7th June 1520 – First Day of the Field of Cloth of Gold

On the 7th June 1520, Henry VIII and Francis I of France met between the English stronghold of Guînes and the French town of Ardres. Ardres was a piece of land referred to as the Field of Cloth of Gold. Henry VIII and Katherine of Aragon were accompanied by over five thousand people. The meeting was supposed to solidify the Treaty of London between the two countries.

These two men also used this as an opportunity to show off to each other, even though the meeting was supposed to be about politics. Chronicler Edward Hall records what happened:
‘Thursday the seuenth day of lune, in the vale of Andren, within the lordeship royall of Guysnes, before dair was set and pight a royall rich tent, all of clothe of gold, and riche embroudery of the kyng of Englandes, and diverse other hales and pauilions: thesame riche tente of gold, was within hanged of the richest Arras, newly contriued and made, that euer before was seen, and a presence of the kynges estate, with two chayers and riche cusshyns therein: the ground was spred with Carpettes, of newe Turkey makyng, all full of beautie.’

The event included ‘a forest of exotic pavilions’ for the English court to stay in and ‘a wooden and canvas palace’ to act as the King’s Chamber. 6,000 men were employed in building the English quarters, courtiers dressed in ‘velvet, satin and cloth of gold’ and there were two wine fountains flowing with red wine.

Many of the Boleyn family are likely to have met at the Field of Cloth of Gold. Sir Thomas and Lady Elizabeth Boleyn were there, possibly the newly wedded Mary Carey and we can assume that her brother George was among his father’s eleven attendants too. However, even though we do not know where Anne was at the time, it is likely that she was beside Queen Claude and so was part of this family meeting.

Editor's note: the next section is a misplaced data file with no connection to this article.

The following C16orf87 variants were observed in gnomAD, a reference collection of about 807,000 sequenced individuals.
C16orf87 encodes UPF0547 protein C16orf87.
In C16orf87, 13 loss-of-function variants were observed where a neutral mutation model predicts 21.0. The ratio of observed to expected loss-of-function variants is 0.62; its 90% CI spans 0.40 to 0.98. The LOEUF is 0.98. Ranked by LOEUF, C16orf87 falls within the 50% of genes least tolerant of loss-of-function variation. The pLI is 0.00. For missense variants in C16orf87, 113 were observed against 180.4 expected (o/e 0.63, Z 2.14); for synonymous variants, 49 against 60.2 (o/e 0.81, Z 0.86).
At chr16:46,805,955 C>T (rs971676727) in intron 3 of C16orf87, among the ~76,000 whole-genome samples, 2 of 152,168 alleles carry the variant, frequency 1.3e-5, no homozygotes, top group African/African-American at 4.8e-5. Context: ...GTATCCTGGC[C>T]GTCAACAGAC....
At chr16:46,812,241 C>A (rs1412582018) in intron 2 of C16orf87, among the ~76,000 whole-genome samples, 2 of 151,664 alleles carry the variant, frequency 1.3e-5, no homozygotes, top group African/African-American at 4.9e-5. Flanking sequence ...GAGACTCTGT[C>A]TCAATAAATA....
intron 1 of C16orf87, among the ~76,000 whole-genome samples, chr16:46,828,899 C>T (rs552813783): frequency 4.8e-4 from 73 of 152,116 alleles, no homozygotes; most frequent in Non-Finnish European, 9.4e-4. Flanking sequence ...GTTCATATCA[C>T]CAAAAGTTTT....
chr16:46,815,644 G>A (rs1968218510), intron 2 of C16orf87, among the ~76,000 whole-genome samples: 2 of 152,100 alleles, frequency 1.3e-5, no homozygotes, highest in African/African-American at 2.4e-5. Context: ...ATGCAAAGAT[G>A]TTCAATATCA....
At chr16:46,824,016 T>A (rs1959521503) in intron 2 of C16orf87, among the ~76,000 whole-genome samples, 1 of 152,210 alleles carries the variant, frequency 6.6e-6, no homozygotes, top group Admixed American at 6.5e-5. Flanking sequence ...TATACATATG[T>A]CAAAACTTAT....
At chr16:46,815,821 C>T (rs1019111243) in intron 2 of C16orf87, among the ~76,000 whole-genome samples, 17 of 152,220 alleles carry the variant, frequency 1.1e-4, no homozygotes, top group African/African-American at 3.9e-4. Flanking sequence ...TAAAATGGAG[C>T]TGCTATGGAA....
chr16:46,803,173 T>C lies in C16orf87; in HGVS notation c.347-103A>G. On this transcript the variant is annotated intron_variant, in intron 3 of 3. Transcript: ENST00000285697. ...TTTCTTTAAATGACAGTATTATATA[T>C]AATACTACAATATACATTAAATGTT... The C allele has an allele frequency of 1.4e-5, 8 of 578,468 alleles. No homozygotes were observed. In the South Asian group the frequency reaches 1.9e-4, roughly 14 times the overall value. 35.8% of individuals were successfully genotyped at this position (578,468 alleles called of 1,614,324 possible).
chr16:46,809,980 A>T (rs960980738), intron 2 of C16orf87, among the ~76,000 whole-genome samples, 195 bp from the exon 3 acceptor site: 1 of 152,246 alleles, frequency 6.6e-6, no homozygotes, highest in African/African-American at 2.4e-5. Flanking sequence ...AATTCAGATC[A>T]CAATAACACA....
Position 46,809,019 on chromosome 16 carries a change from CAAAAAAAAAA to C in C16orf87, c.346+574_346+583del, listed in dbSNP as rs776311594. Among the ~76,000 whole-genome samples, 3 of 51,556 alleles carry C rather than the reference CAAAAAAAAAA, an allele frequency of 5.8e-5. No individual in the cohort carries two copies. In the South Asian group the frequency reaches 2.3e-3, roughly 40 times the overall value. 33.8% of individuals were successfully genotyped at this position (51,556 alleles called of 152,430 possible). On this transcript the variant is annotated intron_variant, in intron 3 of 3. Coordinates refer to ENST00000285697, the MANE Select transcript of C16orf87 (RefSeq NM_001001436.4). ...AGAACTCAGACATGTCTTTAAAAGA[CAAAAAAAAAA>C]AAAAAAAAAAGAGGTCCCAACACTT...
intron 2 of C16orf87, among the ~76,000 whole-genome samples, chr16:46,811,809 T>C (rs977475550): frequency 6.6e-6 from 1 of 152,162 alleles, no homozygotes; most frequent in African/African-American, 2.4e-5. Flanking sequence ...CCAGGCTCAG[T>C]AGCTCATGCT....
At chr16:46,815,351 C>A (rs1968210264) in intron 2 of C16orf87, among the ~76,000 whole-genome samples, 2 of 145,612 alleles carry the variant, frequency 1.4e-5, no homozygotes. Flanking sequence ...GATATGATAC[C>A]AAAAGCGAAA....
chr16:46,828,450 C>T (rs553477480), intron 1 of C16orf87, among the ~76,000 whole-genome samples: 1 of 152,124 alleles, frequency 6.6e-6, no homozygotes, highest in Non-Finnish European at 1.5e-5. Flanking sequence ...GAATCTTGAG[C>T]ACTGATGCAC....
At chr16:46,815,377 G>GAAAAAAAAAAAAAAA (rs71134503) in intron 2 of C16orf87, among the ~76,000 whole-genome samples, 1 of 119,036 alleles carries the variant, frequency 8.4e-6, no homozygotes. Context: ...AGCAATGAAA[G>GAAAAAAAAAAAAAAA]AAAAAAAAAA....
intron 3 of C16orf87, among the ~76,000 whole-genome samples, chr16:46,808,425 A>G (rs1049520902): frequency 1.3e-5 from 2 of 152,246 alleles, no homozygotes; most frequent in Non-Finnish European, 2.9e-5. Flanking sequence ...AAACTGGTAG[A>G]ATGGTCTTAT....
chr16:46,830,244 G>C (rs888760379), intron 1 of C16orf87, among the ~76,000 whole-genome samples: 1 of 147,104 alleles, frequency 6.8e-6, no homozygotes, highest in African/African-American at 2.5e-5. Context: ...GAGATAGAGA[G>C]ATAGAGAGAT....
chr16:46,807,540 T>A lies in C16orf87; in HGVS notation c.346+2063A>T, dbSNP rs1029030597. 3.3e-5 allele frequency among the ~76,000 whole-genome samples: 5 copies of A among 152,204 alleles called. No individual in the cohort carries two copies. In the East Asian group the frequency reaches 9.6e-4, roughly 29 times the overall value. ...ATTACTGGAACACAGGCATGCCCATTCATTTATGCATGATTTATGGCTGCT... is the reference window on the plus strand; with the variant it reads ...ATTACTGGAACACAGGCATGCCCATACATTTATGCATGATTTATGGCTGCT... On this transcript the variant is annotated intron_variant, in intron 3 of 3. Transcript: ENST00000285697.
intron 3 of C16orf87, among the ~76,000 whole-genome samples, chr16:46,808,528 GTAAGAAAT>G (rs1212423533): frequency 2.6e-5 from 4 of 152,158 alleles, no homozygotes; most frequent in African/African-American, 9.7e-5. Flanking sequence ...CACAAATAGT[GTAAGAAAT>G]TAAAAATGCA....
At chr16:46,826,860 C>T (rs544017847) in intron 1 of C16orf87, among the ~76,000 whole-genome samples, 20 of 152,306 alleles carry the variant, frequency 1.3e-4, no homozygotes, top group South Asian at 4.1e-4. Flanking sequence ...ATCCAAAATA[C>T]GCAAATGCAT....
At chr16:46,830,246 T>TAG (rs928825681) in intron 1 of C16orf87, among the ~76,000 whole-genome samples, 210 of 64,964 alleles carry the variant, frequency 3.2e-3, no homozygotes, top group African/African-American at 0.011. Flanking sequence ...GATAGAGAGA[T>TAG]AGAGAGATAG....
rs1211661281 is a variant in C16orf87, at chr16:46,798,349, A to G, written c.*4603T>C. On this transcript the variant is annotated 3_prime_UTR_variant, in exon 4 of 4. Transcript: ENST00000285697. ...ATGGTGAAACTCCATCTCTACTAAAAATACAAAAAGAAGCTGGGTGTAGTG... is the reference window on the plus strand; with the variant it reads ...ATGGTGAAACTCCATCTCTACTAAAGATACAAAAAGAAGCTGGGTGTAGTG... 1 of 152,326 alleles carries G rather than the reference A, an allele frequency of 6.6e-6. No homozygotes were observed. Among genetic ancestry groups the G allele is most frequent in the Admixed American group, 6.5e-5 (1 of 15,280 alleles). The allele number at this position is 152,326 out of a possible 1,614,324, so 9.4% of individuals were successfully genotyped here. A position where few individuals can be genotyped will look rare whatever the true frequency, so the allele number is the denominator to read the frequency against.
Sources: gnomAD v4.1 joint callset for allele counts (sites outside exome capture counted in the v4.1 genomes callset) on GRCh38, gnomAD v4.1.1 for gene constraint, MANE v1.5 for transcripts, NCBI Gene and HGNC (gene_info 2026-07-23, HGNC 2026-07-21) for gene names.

Sources:

Hall’s Chronicle, p608

‘The Life and Death of Anne Boleyn’ by Eric Ives, p31-32

image

Painting of the Field of Cloth of Gold.

Advertisements
This entry was posted in Field of Cloth of Gold. Bookmark the permalink.

Leave a Reply

Fill in your details below or click an icon to log in:

WordPress.com Logo

You are commenting using your WordPress.com account. Log Out / Change )

Twitter picture

You are commenting using your Twitter account. Log Out / Change )

Facebook photo

You are commenting using your Facebook account. Log Out / Change )

Google+ photo

You are commenting using your Google+ account. Log Out / Change )

Connecting to %s